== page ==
Inca Kola shirt

A long time ago, maybe 6 years ago by now, my brother in law and sister in law went to Peru and brought back a red Inca Kola T shirt for my husband, who was just my boyfriend at the time. Inca Kola, by the way, is a brand of soda from Peru. It’s pretty good as sodas go. The first adventure the shirt went through was accidently putting itself in the wash with a bunch of white clothes. The dye bled a lot, and so my boyfriend was left with some very pink underwear and shirts. We had a good laugh about that after he told me the story.

Next the shirt started shrinking. After only wearing it 2 or 3 times, it was a little too small. But by then it was about my size, so it became my shirt. But it kept shrinking and disproportionately too. After a few more washes, I could no longer get my head through the neck hole, even though the rest of the shirt probably still fit.

I couldn’t just get rid of it. After all, I lived in Peru when I was very young, and Inca Kola is one of the few things that has stuck in my memory from my time there. So I threw it into my clothes-to-be-sewn-with pile and forgot about it for several years.

Eventually, my brother and sister in law had a baby girl. So one day I thought, “I want to sew something, but I don’t want to make any of the projects I’ve already planned out.” So I rummaged through my fabric and found the shirt. The first thing I remembered was the neck hole had to go, but what could I make with it. I decided on a onesie for my niece.

The problem was I didn’t have any way of measuring her or modeling her size off of one of her onesies, so I had to improvise. I took a newborn onesie that had been given to me and layed it down next to the T shirt. I used this to eyeball the overall proportions. To determine the length, I thought about when I picked up my niece, and she rests on my hip, how high do her shoulders come. So I used the ratio of this length to the newborn length, to determine how wide it should be.

To start cutting (pictured below) I folded the shirt in half with the logo on the left side, pinned the four layers of fabric together, traced the outline with a white colored pencil, and started cutting. Then I layed it out flat, with the armholes at the sides and cut the front bottom flat a little shorter than the back flap, because I discovered that most onesies are made this way.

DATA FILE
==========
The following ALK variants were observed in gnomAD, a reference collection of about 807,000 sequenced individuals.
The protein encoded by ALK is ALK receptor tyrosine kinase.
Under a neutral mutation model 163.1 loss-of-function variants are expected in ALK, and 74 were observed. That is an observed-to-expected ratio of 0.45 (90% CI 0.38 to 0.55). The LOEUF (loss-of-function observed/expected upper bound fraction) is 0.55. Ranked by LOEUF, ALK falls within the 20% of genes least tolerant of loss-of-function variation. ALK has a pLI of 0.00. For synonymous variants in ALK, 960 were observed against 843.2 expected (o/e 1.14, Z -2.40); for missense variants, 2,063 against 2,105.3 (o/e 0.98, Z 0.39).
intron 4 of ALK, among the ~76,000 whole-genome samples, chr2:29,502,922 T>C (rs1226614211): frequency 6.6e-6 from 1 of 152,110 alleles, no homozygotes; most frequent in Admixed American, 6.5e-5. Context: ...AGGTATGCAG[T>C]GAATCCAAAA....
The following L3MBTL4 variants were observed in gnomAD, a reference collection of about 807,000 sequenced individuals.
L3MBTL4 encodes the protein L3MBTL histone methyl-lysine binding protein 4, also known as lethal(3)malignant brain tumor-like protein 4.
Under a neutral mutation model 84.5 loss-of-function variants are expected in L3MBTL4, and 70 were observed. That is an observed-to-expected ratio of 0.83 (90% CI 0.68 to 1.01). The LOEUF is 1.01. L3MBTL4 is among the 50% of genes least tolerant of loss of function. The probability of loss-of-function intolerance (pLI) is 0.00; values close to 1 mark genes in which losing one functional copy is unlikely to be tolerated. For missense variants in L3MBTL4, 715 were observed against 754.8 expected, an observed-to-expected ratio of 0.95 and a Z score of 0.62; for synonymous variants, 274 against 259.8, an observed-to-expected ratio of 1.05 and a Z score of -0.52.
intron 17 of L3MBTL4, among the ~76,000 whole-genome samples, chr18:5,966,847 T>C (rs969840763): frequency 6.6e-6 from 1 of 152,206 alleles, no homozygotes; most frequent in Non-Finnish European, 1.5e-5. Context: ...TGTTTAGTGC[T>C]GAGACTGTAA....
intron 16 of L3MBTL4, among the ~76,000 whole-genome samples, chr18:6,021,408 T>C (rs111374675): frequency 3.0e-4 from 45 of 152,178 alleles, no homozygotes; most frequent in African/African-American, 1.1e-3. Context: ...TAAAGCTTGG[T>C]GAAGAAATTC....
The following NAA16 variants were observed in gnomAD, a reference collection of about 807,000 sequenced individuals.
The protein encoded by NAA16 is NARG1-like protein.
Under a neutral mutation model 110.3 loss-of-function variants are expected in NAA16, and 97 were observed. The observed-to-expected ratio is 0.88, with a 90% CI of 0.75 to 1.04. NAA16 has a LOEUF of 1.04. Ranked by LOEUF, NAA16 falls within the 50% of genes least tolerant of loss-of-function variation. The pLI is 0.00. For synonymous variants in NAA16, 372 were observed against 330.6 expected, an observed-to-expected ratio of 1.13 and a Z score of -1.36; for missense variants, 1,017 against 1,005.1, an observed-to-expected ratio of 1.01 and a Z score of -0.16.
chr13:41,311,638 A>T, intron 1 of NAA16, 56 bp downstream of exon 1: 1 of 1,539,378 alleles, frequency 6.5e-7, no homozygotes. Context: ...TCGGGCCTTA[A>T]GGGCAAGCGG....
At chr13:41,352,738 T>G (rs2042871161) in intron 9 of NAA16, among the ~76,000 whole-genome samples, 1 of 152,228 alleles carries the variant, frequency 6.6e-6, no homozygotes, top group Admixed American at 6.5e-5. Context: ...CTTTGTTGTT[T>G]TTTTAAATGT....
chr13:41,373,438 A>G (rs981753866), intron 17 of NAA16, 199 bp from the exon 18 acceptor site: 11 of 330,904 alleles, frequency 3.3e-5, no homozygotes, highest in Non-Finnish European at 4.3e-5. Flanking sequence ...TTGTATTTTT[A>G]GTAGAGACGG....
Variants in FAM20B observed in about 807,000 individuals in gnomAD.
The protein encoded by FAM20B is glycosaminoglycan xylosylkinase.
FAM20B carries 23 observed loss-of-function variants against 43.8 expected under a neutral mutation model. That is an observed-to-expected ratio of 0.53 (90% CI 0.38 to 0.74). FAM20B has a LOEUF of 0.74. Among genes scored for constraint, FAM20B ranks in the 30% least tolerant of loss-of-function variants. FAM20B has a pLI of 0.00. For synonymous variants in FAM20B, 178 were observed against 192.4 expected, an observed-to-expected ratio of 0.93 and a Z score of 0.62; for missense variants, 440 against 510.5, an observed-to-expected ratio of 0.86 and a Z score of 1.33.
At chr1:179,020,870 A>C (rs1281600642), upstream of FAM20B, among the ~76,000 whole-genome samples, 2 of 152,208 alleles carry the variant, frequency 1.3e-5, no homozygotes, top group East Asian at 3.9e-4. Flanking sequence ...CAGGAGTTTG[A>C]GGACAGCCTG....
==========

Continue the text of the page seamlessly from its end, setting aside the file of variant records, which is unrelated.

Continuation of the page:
Next I sewed the sides and sleeves together. Then I cut pieces of fabric to sew on the bottom as a binding (pictured below). Once I had the binding on the bottom, I think I got a phone call from them about some other reason, so I told them to come over so that I could do a fitting before I completely finished. That way I could make adjustments, which were definitely needed.

The first mistake was leaving my work space out on the floor. As soon as my niece got upstairs she immediately started grabbing things like scissors, pins and other things that I had been using. So for the first frightening seconds, I ran behind her, yanking dangerous objects out of her hands before she could do any damage. Once the area was baby proofed enough, I could relax and let her try on the onesie.

As you can probably tell from the picture, the arm holes were too small. Also the neckline was too big, but I knew that would happen because I hadn’t put the binding on that area yet. Since the neckline was too big, it was sagging down too low so it looked too long. But I figured, if I brought the neckline up a little, than the length would be ok.

So I finished it after they left. I tried to fix the sleeves, but just couldn’t figure it out, so I took them off and made it a tanktop style instead. After binding the arm and neck holes, then I put snaps on the bottom flaps and adjustable snaps on the shoulder straps. (Large picture on the right is the finished look) The next time she came over, it fit perfectly. Yay! Successful experiment.

Making clothes is pretty hard, especially when you don’t have patterns to work with and you have to make your own. But it’s so much more fun that way. And when you’re using scrap fabrics, you have nothing to lose really.

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One Response to Inca Kola shirt

  1. Jenna says:

    Very cool!! That is a unique onesie, and I love the sleeveless look. I think the way you measured the initial pattern by remembering how she fit in your arms was so smart!

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